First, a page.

Being the facilities manager at a nursing home carries with it the added weight of your responsibility for the residents. In addition to the medical staff on hand, making sure that the facility is properly equipped and up to code is a huge part of keeping senior residents healthy and safe. Recent legislation has made staying on top of facility maintenance more important than ever, so learning the ins and outs of the regulations is important.
Unfortunately, due to a lack of proper equipment, nursing homes tend to have a grim history when it comes to fire safety. In 2003, a series of nighttime nursing home fires led to over 30 deaths across the country, The New York Times reported. In both cases, the nursing homes in question did not have proper fire sprinkler systems installed. And the National Fire Protection Association reported to The New York Times that nursing homes saw an average of five fire-related deaths each year between 2006 and 2010.
In 2008 a regulation was passed requiring all nursing homes to install a fully functioning fire sprinkler system by 2013. Those homes that didn't comply would be ineligible to participate in Medicare or Medicaid, and will be cited with a deficiency tag.
Maintenance and upkeep
Once sprinkler systems have been installed, careful and fastidious maintenance is an important part of preserving the integrity of the system. In larger facilities with multiple complicated systems to keep track of, tools such as a CMMS are invaluable for keeping on top of inspection, maintenance and repair. Such tools can greatly improve a facility manager's ability to track maintenance schedules, respond to work orders and assign repair personnel through a convenient centralized dashboard.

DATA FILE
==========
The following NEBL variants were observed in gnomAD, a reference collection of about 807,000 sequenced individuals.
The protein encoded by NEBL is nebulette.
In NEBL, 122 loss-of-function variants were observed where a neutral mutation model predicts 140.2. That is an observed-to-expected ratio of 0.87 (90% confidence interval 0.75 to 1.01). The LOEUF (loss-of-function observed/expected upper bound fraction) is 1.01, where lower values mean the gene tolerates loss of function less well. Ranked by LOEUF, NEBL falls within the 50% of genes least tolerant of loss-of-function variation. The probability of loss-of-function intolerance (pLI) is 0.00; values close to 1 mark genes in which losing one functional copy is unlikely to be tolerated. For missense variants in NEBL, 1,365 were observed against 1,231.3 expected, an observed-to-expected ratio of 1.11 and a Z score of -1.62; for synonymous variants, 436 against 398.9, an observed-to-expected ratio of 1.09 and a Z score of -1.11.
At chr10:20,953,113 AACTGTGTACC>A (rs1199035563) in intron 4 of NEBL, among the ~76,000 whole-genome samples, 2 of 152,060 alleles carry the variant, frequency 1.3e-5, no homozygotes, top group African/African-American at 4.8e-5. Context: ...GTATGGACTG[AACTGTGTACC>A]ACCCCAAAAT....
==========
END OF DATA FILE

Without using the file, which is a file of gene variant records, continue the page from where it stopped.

Such efficiency can go hand-in-hand with existing regulations for the inspection and maintenance of fire sprinklers. NFPA 25, published by the National Fire Protection Agency, governs testing and maintenance for sprinkler systems, providing facility managers a baseline with regards to the schedule and procedures involved in proper maintenance. The guidelines provide standards for common pitfalls that are to be inspected, such as corrosion, sprinklers that have been painted over and those that have not been given proper clearance due to storage boxes that have been stacked too close to the ceiling.
Proper inspection and maintenance protocol must also follow a scheduled timeline as indicated by the NFPA, and the adoption of a CMMS to help track such maintenance schedules is a useful step in ensuring your facility adheres to government standards regarding this important safety consideration.